Each 'Choose-day' we will investigate the process by which we can reassess our activity and interaction with the world of plurality and become more congruent within our personality.
We are reading the small booklet called "Not Too Loose, Not Too tight - Just right!" This is written by Swamini Vimalananda, and gives a very general overview of Vedanta for the beginner, with emphasis on the sattvic, rajasic and tamasic approaches to life. Remember, we are a mixture of all; use this as your mirror.
निद्रा /nidraa - sleep
Sleep is basically a tamasic activity, but the quality of one's sleep can be any of the gunas, depending on how you sleep and awake.
Sattvic; when we enjoy sound sleep and awake alert, rested, rejuvenated, bright and refreshed, then that sleep is sattvic. It fosters a creative, contemplative mood and gives a good start to the day. About six to seven hours of good sleep at night is enough to refresh a normally healthy person.
Rajasic; when our sleep is restless and interrupted by spells of wakefulness or dreams, it is rajasic sleep. The body feels tired and the mind is agitated upon waking. We tend to get irritated quickly, which is obviously not a good way to start the day.
Tamasic; when we experience heavy sleep, and wake up feeling lethargic dull and heavy, sleep is tamasic. We lie-in even after waking up. The first thought on waking is to go back to sleep. It gives a very dull start to the day.
[Avblog; Swamini-ji is very short in her treatment of this particular expression of the trigunas! Yet this is one of the fundamental parts of our life which - even without the spiritual element - is fraught with all sorts of mischief. Modern living, with the supply of electric light and other abilities to continue activity beyond sunset has caused an upheaval, overall, to humanity. The boon has also become the bust of our ability to sleep properly. Many stay up way too late; rising early is seen as a joke by many; sleep is often disturbed. The causes for that are complex but it has been established that watching television or using technical equipment directly before going to (or even whilst in) bed leads to activation of the brain and thus sleep is not induced.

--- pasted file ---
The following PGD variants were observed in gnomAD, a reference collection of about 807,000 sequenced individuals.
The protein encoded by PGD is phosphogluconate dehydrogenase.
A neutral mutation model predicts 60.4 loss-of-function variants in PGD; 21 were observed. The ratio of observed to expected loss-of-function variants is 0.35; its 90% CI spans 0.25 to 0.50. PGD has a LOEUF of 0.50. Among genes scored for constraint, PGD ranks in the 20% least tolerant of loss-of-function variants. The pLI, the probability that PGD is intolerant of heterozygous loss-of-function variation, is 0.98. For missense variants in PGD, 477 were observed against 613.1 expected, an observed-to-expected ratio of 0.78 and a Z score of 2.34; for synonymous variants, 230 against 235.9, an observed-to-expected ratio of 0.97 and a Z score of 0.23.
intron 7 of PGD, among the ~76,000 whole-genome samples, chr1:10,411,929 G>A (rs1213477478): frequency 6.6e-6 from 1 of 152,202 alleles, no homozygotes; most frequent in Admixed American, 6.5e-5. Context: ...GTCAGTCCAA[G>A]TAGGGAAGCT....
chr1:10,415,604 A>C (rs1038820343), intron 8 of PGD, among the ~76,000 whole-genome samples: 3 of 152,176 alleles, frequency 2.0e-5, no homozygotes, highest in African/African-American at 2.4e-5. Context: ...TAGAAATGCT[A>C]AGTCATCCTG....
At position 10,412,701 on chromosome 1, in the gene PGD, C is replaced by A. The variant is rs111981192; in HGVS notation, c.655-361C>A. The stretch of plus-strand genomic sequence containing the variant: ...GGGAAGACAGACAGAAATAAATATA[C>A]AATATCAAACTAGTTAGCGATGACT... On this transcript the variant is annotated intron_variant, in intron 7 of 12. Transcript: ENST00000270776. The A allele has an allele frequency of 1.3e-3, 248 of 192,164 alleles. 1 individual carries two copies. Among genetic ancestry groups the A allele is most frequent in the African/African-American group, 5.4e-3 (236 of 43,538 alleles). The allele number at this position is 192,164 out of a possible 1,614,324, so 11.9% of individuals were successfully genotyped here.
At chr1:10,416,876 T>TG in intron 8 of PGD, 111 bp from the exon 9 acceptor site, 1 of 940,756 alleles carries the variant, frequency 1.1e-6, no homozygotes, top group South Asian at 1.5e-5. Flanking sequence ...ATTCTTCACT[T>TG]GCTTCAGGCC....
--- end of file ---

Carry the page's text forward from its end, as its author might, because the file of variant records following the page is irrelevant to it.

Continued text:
Gurudev worked on an average of two to three hours of sleep a night. It can be said from experience here, that when working from and for spirit, when the purpose is strong and meaningful, sleep becomes unnecessary. What sleep is obtained becomes more replenishing and beneficial.
In practical terms, for general living, advice would be to undertake some 'switch down' exercises before going to bed - japa, for example, or reading some scripture and, certainly, doing prayers. Ideally, bedtime ought not to be later than 10:30pm. In terms of saadhana, rising would be around 4am, but for majority folk, 5:30 to 6am would be the best. This allows for an unhurried and contemplative start to the day. For saadhakas, this would be morning prayers, meditation and or japa.
As always, you are being presented with elements which can inform your daily choices for living the best life you can.]